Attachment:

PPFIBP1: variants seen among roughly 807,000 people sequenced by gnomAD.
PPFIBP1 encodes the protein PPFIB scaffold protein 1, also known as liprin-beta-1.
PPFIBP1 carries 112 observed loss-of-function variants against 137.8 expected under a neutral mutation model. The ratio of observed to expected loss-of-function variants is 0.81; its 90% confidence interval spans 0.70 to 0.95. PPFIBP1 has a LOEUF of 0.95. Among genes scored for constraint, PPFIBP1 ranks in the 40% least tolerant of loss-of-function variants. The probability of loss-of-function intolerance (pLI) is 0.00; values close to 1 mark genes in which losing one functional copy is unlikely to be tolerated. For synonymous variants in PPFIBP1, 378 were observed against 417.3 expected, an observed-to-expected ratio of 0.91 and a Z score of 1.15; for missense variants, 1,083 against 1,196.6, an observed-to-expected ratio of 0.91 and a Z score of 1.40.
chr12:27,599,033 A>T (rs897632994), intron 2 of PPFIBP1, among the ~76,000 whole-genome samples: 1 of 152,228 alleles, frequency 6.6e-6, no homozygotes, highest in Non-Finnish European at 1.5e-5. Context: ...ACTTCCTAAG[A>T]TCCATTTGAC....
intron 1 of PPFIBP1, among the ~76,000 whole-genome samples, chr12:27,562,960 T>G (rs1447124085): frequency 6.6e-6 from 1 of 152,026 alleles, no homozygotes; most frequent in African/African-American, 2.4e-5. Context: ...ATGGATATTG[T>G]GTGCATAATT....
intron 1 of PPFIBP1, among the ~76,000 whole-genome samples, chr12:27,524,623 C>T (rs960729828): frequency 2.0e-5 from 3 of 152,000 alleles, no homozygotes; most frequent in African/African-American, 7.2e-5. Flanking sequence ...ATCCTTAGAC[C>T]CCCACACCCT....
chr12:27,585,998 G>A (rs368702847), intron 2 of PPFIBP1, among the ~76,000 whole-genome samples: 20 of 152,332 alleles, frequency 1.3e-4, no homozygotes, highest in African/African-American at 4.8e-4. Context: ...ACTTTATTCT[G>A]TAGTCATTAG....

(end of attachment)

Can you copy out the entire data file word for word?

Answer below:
PPFIBP1: variants seen among roughly 807,000 people sequenced by gnomAD.
PPFIBP1 encodes the protein PPFIB scaffold protein 1, also known as liprin-beta-1.
PPFIBP1 carries 112 observed loss-of-function variants against 137.8 expected under a neutral mutation model. The ratio of observed to expected loss-of-function variants is 0.81; its 90% confidence interval spans 0.70 to 0.95. PPFIBP1 has a LOEUF of 0.95. Among genes scored for constraint, PPFIBP1 ranks in the 40% least tolerant of loss-of-function variants. The probability of loss-of-function intolerance (pLI) is 0.00; values close to 1 mark genes in which losing one functional copy is unlikely to be tolerated. For synonymous variants in PPFIBP1, 378 were observed against 417.3 expected, an observed-to-expected ratio of 0.91 and a Z score of 1.15; for missense variants, 1,083 against 1,196.6, an observed-to-expected ratio of 0.91 and a Z score of 1.40.
chr12:27,599,033 A>T (rs897632994), intron 2 of PPFIBP1, among the ~76,000 whole-genome samples: 1 of 152,228 alleles, frequency 6.6e-6, no homozygotes, highest in Non-Finnish European at 1.5e-5. Context: ...ACTTCCTAAG[A>T]TCCATTTGAC....
intron 1 of PPFIBP1, among the ~76,000 whole-genome samples, chr12:27,562,960 T>G (rs1447124085): frequency 6.6e-6 from 1 of 152,026 alleles, no homozygotes; most frequent in African/African-American, 2.4e-5. Context: ...ATGGATATTG[T>G]GTGCATAATT....
intron 1 of PPFIBP1, among the ~76,000 whole-genome samples, chr12:27,524,623 C>T (rs960729828): frequency 2.0e-5 from 3 of 152,000 alleles, no homozygotes; most frequent in African/African-American, 7.2e-5. Flanking sequence ...ATCCTTAGAC[C>T]CCCACACCCT....
chr12:27,585,998 G>A (rs368702847), intron 2 of PPFIBP1, among the ~76,000 whole-genome samples: 20 of 152,332 alleles, frequency 1.3e-4, no homozygotes, highest in African/African-American at 4.8e-4. Context: ...ACTTTATTCT[G>A]TAGTCATTAG....